They typically send me an example of their photography, although, invariably I already know why there's a difference. It's not that they don't have the technical ability or knowledge to shoot wonderful photographs. It's ordinarily their approach, their conception of their photographs and the process to make them. Simply put, it's the difference between a snapshot and a photograph.
When I'm out touring I don't merely “point and shoot.” I look for specific composition possibilities to show off the natural beauty, the architecture, history, landmarks, the general location, the culture of the location, etc., before me.
I take time to get away from the viewfinder to see and experience where I am, rather than immediately point and shoot at each scene or landmark I see. If your trip is always revealed from the narrow viewpoint of your camera's viewfinder or monitor, you'll miss far too much of the travel experience. You'll miss the fun of travel, much of the interaction with what surrounds you, and you'll miss the best photographs too.
When I look around me, I survey the surroundings. I visualize photographs of images, scenes, and subjects. I consider why and what of the scene is special, worth capturing, worth preserving. I literally ask, "Why the heck am I interested in making a photo of the scene before me, why it's caught my eye?” I don't make a photo of every scene I see. I consider what story I want to tell, what I want to say, when making the exposure, what emotion I'm trying to capture, convey and/or invoke. I consider who the image is for; myself, others, a particular person or persons.
With some photographs these questions are asked and answered as the scene unfolds. With others, its solely within the photographer's imagination as the scene will unfold in the future.
I hope I'm helping you to understand that photographs are made, not taken. Photographs are planned. Snapshots aren't. They are taken by merely pointing the camera at an object and pressing the shutter release button, with little thought and no planning other than a desire to capture a memento.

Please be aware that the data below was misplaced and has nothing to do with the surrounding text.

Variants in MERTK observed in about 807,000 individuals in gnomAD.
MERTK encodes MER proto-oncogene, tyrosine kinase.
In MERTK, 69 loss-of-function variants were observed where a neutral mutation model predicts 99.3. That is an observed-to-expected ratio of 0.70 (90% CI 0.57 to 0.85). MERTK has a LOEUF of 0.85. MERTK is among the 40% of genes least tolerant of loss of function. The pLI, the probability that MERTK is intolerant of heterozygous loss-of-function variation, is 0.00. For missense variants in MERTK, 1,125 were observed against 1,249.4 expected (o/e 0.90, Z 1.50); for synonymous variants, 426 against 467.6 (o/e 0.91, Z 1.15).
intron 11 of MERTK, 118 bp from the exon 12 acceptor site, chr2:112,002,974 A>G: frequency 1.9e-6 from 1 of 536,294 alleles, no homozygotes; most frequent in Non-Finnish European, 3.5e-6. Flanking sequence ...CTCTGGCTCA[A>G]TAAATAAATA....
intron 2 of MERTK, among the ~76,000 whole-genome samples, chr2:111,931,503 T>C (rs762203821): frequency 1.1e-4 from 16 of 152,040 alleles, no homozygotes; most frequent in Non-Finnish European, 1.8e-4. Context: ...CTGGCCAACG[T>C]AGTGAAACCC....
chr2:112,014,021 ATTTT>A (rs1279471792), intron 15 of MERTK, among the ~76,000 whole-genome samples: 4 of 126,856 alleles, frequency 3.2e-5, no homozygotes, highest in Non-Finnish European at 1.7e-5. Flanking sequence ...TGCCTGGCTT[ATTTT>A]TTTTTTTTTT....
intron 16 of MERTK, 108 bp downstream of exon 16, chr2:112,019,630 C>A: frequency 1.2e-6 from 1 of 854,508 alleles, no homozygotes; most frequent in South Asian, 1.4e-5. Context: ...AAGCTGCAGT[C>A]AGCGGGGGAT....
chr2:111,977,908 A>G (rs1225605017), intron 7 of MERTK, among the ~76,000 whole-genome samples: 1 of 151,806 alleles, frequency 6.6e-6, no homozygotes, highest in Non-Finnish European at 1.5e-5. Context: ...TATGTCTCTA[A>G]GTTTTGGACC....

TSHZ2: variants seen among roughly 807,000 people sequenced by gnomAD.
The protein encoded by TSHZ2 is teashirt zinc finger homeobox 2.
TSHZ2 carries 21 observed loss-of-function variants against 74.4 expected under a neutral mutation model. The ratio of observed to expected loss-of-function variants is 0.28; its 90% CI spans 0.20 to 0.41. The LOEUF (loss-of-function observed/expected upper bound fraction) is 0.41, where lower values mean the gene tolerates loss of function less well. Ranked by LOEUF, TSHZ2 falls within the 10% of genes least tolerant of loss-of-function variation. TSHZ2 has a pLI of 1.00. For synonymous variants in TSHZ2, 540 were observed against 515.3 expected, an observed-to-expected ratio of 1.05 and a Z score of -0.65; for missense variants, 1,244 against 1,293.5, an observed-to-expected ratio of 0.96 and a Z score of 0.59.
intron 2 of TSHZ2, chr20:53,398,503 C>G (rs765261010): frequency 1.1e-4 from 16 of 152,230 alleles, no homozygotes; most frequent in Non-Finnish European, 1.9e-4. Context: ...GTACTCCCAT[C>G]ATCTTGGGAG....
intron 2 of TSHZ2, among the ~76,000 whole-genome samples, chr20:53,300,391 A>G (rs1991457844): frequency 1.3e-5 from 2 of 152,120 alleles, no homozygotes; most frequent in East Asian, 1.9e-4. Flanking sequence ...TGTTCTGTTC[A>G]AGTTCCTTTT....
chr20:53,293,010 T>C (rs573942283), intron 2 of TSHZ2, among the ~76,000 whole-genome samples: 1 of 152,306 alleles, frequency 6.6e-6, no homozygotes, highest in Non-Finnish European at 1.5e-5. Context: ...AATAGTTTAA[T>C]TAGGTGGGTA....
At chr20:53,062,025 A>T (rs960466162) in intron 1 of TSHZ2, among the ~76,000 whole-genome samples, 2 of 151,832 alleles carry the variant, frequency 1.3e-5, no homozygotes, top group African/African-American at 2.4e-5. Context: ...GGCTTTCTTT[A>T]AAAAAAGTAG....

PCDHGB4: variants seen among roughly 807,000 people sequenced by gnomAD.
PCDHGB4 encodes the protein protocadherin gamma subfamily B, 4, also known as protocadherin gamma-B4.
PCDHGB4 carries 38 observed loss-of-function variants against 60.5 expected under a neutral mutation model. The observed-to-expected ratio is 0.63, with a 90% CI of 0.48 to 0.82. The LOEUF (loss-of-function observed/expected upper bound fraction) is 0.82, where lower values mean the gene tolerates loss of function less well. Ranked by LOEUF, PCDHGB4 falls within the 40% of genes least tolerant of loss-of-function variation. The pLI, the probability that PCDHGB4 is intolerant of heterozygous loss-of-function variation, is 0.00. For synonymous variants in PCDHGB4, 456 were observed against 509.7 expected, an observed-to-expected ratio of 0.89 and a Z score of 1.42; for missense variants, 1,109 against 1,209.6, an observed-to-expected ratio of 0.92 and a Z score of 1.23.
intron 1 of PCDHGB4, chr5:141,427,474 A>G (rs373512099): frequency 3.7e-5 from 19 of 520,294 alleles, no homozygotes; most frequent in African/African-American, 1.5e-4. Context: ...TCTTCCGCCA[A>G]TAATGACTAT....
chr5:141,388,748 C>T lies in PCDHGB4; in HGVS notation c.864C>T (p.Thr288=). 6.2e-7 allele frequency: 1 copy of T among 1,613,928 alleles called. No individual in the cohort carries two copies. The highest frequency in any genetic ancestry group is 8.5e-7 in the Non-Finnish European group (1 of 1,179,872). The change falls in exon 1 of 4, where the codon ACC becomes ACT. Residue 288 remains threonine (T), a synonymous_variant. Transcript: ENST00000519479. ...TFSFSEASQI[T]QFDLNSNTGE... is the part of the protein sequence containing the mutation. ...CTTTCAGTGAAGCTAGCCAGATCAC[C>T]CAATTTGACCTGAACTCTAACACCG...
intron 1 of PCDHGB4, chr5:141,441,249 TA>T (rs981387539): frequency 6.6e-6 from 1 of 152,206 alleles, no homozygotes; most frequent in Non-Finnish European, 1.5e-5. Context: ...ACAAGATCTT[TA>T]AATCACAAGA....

I know the photograph above, of Giza is small, but I hope it still reveals it was carefully planned. The idea was to show the special nature of a slice of world history, its size and scale, and hopefully the skill and artisanship used to make the monuments in the scene.
I specifically wanted to capture the majesty of the Sphinx with one of the Great Pyramids in the background to relay the special character of the Giza Plateau, overall.
I had to find a location to stand which would allow me an angle to keep the hundreds of tourists at the Sphinx, and the substantial security measures of walls and gates, out of sight. I needed to set my exposure so I had a substantial depth of field so both the Sphinx and the pyramid, about a half a mile behind it, would be in focus. I framed the image using the “rule of thirds” to utilize the way our eyes view an image, to focus attention on the important aspects of the photograph.
In the photograph to the right of a Great Egret in flight you see planning by imagination, by taking into account how I could utilize the conditions encountered, the angle of the sun, and knowledge of the area's wildlife. Having imagined the photograph I created it by planning where to stand, the necessary camera/lens settings, etc. With some patience I got my image.
In both cases the photographs were carefully thought out, planned.
Those taking snapshots, see a scene and snap away, without forethought.
Those making photographs consider where they should locate themselves to shoot the scene. They consider the viewpoint, up, down, right, left, low, high, etc. They factor background, depth, the symmetry, patterns and lines before them, into their exposure decision. They consider framing and cropping to intensify the framing.
They'll contemplate how to use the light at hand to paint the photograph, and how and if they can add addition light. They'll think about how they should draw the viewers' eyes through the photograph. Then having made their decisions about making the image, they will manage the technical settings to achieve the desired result.
I think a quote from the great American photographer and environmentalist, Ansel Adams is particularly appropriate.
“Simply look with perceptive eyes at the world about you, and trust to your own reactions and convictions. Ask yourself: 'Does this subject move me to feel, think and dream? Can I visualize a print - my own personal statement of what I feel and want to convey - from the subject before me?'”